We had a friend over for dinner last night. A beautiful, pixie cut blond named Dawn who had contacted me through Instagram after seeing my pictures of Spanish Wells, where she had been planning to vacation. She got here a couple of weeks ago. She is a self proclaimed introvert but has befriended half the island. It would be hard not to be enchanted by her, with her bright eyes and her quick laugh. She is a deep thinker and is always ready with her next question. Her interest makes one feel as though they are the most arresting person on the planet and she and I have had many an intriguing and absorbing conversation, at the lovely cottage she rented, 100 steps from the beach. I hadn’t had a working motor for over two weeks so I hadn’t been able to reciprocate (I wouldn’t put anyone else through the hour long row to the boat). Adam came home four days ago, so of course, the motor works now.
Today we finally got to have her out to the Talisman. Adam made bread, I made pasta. We had Rum and strawberries and spent sunset in the cockpit. All was calm and easy and lovely. On the ride back to land in the dingy I found out how adaptable and wonderful she truly is when a wave crashed into her face and she laughed like a little girl.
If you have been with me from the beginning you know this loveliness can not last…
After we dropped her at her golf cart (soaking wet) Adam and I turned around to dinghy back to the boat. As we drove slowly through the cut we chatted easily.
“I think I could master this solar cooker bread thing.” He said, from the last seat in the dinghy, his left hand loose on the tiller.
“It was so good babe,” I said over my shoulder. “Totally a hit.” I was on the middle seat but leaned against him with my hands behind me, to each side of him, on his seat. It was mostly cloudy but a few stars poked out here and there.
I saw it at the same second he did. It began as an apparition. We both tensed at the same moment. There was no moon. Both the sky and the water were black. We were in the channel, a skinny strip of water with small lights on each side to steer you safely through the cut. This was a no wake zone. This means that we would hear anyone coming from a long way off because they would have to be going extremely slow. I love it when it’s black like that on the water. We didn’t have our light on. We had had it on the whole way in to land and would have turned it on any minute. But we didn’t have it on for that one crucial second.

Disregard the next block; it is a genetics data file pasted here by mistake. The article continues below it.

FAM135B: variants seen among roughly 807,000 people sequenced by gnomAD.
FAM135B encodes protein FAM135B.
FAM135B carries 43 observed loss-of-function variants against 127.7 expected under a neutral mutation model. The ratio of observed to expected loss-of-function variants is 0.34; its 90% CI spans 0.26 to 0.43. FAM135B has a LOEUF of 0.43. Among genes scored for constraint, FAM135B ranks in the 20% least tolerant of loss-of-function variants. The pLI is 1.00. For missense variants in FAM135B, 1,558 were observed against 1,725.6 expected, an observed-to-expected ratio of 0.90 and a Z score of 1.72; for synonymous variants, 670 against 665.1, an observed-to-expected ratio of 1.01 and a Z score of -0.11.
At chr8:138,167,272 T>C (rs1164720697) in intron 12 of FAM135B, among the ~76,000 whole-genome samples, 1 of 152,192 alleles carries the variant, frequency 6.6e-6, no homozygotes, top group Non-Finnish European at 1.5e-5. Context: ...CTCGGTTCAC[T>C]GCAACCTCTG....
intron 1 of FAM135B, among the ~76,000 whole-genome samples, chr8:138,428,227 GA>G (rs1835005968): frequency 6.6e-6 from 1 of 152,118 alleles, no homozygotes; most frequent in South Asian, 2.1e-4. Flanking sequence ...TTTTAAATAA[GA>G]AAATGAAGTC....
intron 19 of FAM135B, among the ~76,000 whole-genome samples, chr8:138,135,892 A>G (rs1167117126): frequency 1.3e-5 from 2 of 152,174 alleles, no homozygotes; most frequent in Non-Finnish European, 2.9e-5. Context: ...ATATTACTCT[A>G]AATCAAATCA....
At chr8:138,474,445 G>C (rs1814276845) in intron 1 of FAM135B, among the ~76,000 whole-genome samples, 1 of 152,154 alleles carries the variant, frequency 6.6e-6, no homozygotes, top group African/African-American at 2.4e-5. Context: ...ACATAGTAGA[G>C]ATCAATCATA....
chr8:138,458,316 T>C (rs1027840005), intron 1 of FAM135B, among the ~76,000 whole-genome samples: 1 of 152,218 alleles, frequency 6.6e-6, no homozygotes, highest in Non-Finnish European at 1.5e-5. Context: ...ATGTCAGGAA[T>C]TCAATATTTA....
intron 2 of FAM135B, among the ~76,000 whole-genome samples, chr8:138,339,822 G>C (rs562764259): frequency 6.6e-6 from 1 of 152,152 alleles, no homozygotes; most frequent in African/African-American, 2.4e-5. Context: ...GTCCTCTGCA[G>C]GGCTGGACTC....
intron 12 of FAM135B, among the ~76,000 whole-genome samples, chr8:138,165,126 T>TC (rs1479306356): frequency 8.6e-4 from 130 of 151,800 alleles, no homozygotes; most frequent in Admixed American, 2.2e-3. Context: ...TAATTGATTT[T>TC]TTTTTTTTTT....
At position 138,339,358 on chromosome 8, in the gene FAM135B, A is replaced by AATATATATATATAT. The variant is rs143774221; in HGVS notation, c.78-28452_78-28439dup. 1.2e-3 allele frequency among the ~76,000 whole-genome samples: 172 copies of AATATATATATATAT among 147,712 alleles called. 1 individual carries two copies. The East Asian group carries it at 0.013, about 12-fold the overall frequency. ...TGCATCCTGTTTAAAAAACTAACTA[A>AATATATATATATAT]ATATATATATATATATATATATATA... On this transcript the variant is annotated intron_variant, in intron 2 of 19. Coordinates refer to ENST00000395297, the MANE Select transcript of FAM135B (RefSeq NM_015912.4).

[Sailors feel free to comment on this below…]
Suddenly the blackness wasn’t as black in front of us. There was a boat out there. It also didn’t have any lights.
“Turn on the light,” He said calmly as I shot upright.
I realized it before he did. He thought they were going slow. We were in the channel. They should have been going slow. Extremely slow. No wake means no waves. Huge white plumes, like wings, spread out from the bow of the boat as it screamed towards us. Both boats were in the middle of the channel pointed directly at each other. The light was somewhere on the seat with me but I didn’t have time to find it. And I knew it. All I could do was blink.
“Turn on the light, turn on THE LIGHT, TURN ON THE LIGHT!!” Adam yelled rapidly with increasing panic as realized how fast they were coming. I didn’t even have time to speak. He wrenched our motor to the left. Our tiny, leisurely paced, four horse power motor chugged along like the little engine that could. Our boat turned slowly to the right. The black boat with white wings grew huge impossibly quickly. Adam had chosen the right direction. I don’t think they ever saw us but they just so happened to have a slight arc to their course and their boat flew by, at breakneck speed, a couple feet from ours. Soaking us and rocking us badly in their massive wake as we clung to the sides of Hemingway.
The whole thing lasted no more then five seconds. We never even heard them coming.
I turned on the light and swung it in an circle around us for the next 15 minutes as we drove the rest of the way home. Everything became ominous. Every absence of light in the distance became a large boat baring down on our position. I felt sick deep inside my belly.
“That is the closest we have ever come to dying on the water.” He said quietly behind me.
We were both shaking as we chastised them for shooting through the channel with no light and we replayed it over and over, like addicts. We had been scared. Profoundly, severely scared. But we didn’t have a light on either and that fault lay with no one but us.
Having said that, I think we may need to take a little break from the incredibly safe island of Spanish Wells.